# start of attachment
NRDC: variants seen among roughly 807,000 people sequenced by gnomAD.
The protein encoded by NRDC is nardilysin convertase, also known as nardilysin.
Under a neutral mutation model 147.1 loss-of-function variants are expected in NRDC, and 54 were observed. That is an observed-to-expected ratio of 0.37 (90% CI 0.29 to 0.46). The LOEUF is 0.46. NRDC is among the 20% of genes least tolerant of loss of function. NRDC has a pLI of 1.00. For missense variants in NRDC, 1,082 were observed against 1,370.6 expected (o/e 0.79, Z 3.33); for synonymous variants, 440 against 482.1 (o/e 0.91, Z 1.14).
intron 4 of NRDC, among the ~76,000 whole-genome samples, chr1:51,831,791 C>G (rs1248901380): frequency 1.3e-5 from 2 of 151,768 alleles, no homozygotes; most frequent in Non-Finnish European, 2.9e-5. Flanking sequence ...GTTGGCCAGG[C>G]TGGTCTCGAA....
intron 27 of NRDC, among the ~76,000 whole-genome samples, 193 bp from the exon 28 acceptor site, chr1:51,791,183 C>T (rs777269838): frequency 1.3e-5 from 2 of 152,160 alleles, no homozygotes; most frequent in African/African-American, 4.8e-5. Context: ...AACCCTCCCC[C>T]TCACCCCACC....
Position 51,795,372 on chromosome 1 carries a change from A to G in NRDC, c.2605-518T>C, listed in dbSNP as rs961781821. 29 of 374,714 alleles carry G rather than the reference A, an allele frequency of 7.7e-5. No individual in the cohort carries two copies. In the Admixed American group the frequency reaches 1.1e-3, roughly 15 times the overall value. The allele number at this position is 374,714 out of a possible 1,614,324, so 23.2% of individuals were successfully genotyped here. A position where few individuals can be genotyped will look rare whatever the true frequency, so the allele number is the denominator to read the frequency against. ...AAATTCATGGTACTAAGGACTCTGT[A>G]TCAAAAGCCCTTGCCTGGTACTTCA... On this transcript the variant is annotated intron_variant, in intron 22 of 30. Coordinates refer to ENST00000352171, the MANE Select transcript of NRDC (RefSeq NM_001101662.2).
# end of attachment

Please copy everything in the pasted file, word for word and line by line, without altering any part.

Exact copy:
NRDC: variants seen among roughly 807,000 people sequenced by gnomAD.
The protein encoded by NRDC is nardilysin convertase, also known as nardilysin.
Under a neutral mutation model 147.1 loss-of-function variants are expected in NRDC, and 54 were observed. That is an observed-to-expected ratio of 0.37 (90% CI 0.29 to 0.46). The LOEUF is 0.46. NRDC is among the 20% of genes least tolerant of loss of function. NRDC has a pLI of 1.00. For missense variants in NRDC, 1,082 were observed against 1,370.6 expected (o/e 0.79, Z 3.33); for synonymous variants, 440 against 482.1 (o/e 0.91, Z 1.14).
intron 4 of NRDC, among the ~76,000 whole-genome samples, chr1:51,831,791 C>G (rs1248901380): frequency 1.3e-5 from 2 of 151,768 alleles, no homozygotes; most frequent in Non-Finnish European, 2.9e-5. Flanking sequence ...GTTGGCCAGG[C>G]TGGTCTCGAA....
intron 27 of NRDC, among the ~76,000 whole-genome samples, 193 bp from the exon 28 acceptor site, chr1:51,791,183 C>T (rs777269838): frequency 1.3e-5 from 2 of 152,160 alleles, no homozygotes; most frequent in African/African-American, 4.8e-5. Context: ...AACCCTCCCC[C>T]TCACCCCACC....
Position 51,795,372 on chromosome 1 carries a change from A to G in NRDC, c.2605-518T>C, listed in dbSNP as rs961781821. 29 of 374,714 alleles carry G rather than the reference A, an allele frequency of 7.7e-5. No individual in the cohort carries two copies. In the Admixed American group the frequency reaches 1.1e-3, roughly 15 times the overall value. The allele number at this position is 374,714 out of a possible 1,614,324, so 23.2% of individuals were successfully genotyped here. A position where few individuals can be genotyped will look rare whatever the true frequency, so the allele number is the denominator to read the frequency against. ...AAATTCATGGTACTAAGGACTCTGT[A>G]TCAAAAGCCCTTGCCTGGTACTTCA... On this transcript the variant is annotated intron_variant, in intron 22 of 30. Coordinates refer to ENST00000352171, the MANE Select transcript of NRDC (RefSeq NM_001101662.2).